- Roger Michell
- Jim Broadbent, Helen Mirren, Fionn Whitehead, Anna Maxwell Martin, Matthew Goode
- 96 min.
- Release Date
Who better than Jim Broadbent to play a character named Kempton Bunton, the everyman hero of The Duke? Broadbent has given us this kind of wily hero before, never better than ten years ago as Timothy Cavendish in Cloud Atlas, the rambunctious publisher committed to a nursing home by his cruel brother. The actor’s disarming silliness often accents his tender old owl roles, evidenced in his collaborations with Mike Leigh, or in the Harry Potter and Paddington franchises. As Kempton, the Newcastle upon Tyne pensioner who can’t hold onto a job and always has a cause, he’s an unlikely champion of social justice. Based on a real-life figure and autodidact, Kempton stands up to a bigoted supervisor for his Pakistani coworker in a bread factory, and he wants to secure free television licenses for British citizens. And when he steals the National Gallery’s recently acquired portrait of The Duke of Wellington, painted by Francisco de Goya around 1812, he does so not for profit or even because he likes the rendering (which he does not). It’s for the greater good.
How exactly art theft becomes an altruistic act remains, objectively, a curiosity. But that’s part of the charm Broadbent brings to Kempton. The authorities interpret his ransom notes, written in a “childlike scrawl,” as the work of an imposter, believing the job was carried out by a “well funded, well organized criminal gang.” Kempton, bespectacled and wobbly, is unassuming—a working-class idealist whose string of personal causes and activism clash with his reserved, downright repressed wife Dorothy (Helen Mirren). Long ago, the two lost a daughter, and she maintains that “grief is private.” It’s a rule that prevents Kempton from talking about their loss, so he works through his feelings in his amateur teleplays, which go summarily ignored by the BBC. Although they have two adult boys (Fionn Whitehead, Jack Bandeira), there’s a deep sadness in their home. Kempton has resolved to live since the loss, and Dorothy has resigned herself from discussing it. Then again, her disapproval of Kempton for his inability to keep a job or stay out of jail for petty offenses proves understandable.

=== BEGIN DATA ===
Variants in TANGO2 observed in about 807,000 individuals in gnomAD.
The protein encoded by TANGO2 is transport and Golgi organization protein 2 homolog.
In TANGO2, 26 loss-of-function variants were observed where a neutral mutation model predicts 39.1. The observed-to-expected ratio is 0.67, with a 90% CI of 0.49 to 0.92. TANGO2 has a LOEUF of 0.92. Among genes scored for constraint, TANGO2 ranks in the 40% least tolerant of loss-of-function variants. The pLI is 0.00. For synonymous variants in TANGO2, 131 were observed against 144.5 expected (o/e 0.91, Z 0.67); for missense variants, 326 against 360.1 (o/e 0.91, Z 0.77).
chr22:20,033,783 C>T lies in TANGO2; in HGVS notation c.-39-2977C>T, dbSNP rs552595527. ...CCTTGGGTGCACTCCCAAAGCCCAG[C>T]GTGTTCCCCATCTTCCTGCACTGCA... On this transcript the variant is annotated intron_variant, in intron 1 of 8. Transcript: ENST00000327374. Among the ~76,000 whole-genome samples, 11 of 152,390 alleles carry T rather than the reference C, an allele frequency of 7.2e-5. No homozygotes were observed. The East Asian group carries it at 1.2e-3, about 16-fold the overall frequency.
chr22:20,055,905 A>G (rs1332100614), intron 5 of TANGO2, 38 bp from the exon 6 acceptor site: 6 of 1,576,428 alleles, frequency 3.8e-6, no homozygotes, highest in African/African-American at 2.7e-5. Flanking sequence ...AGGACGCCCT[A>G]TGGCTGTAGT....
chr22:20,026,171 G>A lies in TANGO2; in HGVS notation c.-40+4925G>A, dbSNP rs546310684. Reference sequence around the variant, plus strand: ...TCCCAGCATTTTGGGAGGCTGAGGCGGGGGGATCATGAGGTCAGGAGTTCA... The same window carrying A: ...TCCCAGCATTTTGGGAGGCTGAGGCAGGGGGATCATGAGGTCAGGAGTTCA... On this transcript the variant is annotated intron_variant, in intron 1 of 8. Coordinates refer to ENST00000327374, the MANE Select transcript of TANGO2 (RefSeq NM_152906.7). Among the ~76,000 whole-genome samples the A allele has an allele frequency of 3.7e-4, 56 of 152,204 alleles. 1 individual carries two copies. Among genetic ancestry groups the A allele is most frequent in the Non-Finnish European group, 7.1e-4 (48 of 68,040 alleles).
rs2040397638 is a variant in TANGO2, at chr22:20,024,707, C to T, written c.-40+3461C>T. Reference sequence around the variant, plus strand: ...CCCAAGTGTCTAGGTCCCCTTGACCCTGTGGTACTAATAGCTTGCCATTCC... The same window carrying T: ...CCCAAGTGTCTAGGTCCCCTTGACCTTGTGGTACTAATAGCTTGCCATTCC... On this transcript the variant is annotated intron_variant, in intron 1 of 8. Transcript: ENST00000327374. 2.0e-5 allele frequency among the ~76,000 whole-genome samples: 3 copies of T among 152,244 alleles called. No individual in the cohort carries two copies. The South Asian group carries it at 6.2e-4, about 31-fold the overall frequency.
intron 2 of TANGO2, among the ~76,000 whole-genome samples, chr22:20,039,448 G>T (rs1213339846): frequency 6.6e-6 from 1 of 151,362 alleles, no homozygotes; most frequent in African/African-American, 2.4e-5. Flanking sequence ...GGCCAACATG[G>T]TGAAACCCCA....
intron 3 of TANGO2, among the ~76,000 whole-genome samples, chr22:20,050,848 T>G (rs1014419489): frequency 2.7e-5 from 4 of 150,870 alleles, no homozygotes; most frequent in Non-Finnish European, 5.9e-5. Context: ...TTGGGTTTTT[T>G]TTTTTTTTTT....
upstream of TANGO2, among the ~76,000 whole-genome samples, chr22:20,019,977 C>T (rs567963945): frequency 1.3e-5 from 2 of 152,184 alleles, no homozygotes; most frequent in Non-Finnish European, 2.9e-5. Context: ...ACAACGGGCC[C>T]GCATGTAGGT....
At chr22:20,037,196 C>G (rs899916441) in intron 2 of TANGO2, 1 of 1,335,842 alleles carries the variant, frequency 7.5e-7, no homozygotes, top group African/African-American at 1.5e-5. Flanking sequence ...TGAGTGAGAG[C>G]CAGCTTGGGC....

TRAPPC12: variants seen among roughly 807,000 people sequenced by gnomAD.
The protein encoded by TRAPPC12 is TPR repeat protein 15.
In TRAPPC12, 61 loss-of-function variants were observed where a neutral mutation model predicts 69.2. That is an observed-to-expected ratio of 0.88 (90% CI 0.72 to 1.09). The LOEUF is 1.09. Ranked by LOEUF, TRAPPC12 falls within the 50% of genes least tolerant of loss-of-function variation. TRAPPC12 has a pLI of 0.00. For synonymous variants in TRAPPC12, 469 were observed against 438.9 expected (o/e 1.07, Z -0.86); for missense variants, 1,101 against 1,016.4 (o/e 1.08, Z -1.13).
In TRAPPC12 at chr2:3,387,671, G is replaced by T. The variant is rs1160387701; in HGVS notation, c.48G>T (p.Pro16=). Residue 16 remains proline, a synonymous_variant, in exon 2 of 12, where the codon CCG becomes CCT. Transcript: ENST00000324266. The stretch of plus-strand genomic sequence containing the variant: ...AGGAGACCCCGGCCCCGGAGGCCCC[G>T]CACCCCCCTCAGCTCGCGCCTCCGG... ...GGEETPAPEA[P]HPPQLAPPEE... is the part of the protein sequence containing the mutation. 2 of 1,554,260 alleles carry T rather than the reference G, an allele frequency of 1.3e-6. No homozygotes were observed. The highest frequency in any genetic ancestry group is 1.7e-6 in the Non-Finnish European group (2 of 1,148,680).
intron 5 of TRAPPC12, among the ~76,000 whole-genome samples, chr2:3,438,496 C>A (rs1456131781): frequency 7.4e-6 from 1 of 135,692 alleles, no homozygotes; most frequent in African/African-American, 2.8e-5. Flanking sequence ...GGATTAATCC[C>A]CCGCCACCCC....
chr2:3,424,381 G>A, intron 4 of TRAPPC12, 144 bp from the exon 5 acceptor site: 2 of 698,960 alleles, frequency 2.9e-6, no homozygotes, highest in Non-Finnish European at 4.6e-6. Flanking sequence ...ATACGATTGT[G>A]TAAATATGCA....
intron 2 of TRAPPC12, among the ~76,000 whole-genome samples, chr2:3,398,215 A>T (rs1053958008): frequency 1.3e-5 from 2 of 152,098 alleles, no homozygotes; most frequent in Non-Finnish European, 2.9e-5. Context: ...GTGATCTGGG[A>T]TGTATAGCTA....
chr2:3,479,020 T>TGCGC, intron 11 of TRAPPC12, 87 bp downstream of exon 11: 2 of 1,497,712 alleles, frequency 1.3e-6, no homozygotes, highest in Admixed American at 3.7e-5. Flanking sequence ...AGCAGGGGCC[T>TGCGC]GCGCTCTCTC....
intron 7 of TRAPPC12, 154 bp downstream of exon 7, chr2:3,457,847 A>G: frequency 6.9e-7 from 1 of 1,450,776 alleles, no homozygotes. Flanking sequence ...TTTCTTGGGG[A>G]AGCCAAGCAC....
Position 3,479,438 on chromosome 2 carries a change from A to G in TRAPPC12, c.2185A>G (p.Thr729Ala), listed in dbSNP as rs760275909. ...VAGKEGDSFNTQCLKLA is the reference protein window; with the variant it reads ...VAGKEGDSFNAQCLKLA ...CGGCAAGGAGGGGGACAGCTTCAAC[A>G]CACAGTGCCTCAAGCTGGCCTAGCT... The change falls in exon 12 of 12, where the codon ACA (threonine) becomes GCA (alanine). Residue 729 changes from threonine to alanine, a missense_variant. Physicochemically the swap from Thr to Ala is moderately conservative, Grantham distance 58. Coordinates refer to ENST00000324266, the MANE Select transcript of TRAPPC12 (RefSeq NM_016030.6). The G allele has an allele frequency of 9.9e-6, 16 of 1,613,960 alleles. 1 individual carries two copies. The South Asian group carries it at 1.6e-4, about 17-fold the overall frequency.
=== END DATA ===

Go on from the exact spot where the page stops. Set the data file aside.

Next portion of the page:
The Duke unfolds as Kempton, who stole the painting to secure £140,000 in ransom, which he intends for charity, tries to hide his crime from Dorothy. When faced with exposure, he resolves to turn himself in, and a court case ensues. The Duke isn’t a courtroom movie, but those scenes at the Old Bailey, occupying about 30 minutes of the 96-minute runtime, lead to humor and humanity. His barrister, Jeremy Hutchinson (Matthew Goode), who was married to actress Dame Peggy Ashcroft in real life, recognizes Kempton’s reasons, even if they don’t align with the law in the strictest sense. The court clerk and public in attendance cannot help but laugh along with Kempton’s blue-collar humor and earthy wit, yet they also feel affected by his familiar motivations: Early in the movie, Kempton sits down to watch The Adventures of Robin Hood (1938), a Technicolor film, on his black-and-white television set. He’s no Errol Flynn, but the famed outlaw who stole from the rich and gave to the poor clearly inspired him.